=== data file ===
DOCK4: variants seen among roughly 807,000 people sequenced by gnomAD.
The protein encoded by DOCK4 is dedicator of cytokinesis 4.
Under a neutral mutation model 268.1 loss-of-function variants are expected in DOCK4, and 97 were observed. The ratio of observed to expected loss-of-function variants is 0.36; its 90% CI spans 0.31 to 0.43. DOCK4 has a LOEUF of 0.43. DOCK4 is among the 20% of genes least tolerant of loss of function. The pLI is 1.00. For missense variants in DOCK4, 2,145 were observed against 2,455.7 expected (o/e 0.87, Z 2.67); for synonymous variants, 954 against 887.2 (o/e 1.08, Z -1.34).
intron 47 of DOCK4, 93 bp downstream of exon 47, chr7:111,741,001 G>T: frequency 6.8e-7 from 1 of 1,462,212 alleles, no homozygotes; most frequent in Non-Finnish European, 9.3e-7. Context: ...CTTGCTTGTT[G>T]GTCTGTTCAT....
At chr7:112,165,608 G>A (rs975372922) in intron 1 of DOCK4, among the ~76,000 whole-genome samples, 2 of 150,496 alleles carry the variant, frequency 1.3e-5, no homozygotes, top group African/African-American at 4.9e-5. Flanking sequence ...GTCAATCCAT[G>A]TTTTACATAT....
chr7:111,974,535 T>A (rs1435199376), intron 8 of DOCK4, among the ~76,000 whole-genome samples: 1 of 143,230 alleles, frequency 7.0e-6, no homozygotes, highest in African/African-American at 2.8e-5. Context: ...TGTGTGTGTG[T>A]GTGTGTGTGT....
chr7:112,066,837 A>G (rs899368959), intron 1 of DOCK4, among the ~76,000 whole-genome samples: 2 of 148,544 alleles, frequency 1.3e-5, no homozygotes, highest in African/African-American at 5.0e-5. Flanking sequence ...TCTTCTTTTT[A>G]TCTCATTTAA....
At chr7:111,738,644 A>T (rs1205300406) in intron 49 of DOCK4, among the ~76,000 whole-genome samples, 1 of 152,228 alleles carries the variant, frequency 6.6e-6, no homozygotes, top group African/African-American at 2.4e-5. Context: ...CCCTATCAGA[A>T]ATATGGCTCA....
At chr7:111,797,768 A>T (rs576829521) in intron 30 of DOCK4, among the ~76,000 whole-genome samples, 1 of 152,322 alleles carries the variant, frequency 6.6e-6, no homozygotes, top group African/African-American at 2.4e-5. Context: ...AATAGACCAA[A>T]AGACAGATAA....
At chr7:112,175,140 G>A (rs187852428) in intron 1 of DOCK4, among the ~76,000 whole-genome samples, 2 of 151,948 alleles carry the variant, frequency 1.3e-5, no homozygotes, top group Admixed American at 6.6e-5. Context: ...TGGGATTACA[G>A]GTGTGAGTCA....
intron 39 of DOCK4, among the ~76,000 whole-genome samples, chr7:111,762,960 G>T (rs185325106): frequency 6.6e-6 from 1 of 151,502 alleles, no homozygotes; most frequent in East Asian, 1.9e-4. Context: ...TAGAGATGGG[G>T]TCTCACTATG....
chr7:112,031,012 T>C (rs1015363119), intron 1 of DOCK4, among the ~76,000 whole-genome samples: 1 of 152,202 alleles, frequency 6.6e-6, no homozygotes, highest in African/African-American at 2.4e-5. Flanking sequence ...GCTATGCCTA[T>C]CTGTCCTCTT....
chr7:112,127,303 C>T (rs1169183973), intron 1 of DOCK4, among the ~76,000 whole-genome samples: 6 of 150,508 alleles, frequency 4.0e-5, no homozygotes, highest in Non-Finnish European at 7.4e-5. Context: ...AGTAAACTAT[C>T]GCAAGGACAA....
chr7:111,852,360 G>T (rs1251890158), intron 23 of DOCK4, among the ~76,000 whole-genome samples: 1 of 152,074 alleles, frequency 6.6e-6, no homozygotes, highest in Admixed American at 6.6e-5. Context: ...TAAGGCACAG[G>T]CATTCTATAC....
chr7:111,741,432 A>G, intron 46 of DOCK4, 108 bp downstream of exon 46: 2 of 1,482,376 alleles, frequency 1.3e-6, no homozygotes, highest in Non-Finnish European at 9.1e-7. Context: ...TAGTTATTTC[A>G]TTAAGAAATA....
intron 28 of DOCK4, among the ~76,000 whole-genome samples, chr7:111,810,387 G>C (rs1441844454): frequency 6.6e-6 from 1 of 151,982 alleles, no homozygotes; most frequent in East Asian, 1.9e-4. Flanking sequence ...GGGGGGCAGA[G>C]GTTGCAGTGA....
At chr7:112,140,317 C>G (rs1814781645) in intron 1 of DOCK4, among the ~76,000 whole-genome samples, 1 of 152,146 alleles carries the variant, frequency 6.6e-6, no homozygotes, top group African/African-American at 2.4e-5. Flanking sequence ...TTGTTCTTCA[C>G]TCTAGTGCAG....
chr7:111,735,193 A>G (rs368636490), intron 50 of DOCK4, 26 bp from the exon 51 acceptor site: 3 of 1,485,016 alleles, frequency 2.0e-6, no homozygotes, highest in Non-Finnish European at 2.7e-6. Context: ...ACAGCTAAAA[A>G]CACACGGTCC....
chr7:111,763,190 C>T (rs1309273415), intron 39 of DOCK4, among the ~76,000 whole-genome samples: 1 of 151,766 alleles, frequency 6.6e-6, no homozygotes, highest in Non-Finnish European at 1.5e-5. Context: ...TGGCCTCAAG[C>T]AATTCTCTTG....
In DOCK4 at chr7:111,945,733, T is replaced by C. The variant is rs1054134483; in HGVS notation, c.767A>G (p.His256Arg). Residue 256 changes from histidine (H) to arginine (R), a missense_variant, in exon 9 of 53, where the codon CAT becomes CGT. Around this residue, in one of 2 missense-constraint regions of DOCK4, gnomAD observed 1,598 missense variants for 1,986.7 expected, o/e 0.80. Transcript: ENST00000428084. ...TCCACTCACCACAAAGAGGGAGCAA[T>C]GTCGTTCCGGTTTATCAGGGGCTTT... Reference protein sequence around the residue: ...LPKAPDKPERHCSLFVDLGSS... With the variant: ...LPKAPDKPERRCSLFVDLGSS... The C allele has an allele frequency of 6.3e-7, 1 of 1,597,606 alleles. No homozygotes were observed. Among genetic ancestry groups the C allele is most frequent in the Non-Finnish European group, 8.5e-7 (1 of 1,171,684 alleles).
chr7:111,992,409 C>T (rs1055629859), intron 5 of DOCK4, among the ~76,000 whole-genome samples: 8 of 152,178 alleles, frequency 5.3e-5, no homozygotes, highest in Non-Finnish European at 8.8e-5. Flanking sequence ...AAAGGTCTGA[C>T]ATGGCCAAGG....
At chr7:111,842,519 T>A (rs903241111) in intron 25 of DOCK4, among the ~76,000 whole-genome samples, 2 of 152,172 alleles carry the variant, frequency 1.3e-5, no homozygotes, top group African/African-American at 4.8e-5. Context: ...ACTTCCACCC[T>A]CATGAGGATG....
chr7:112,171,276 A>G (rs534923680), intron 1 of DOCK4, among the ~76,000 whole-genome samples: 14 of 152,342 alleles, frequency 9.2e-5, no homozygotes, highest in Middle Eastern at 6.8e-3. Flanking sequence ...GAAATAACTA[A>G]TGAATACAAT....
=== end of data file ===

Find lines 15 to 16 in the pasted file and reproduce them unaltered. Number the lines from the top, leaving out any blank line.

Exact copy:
chr7:111,741,432 A>G, intron 46 of DOCK4, 108 bp downstream of exon 46: 2 of 1,482,376 alleles, frequency 1.3e-6, no homozygotes, highest in Non-Finnish European at 9.1e-7. Context: ...TAGTTATTTC[A>G]TTAAGAAATA....
intron 28 of DOCK4, among the ~76,000 whole-genome samples, chr7:111,810,387 G>C (rs1441844454): frequency 6.6e-6 from 1 of 151,982 alleles, no homozygotes; most frequent in East Asian, 1.9e-4. Flanking sequence ...GGGGGGCAGA[G>C]GTTGCAGTGA....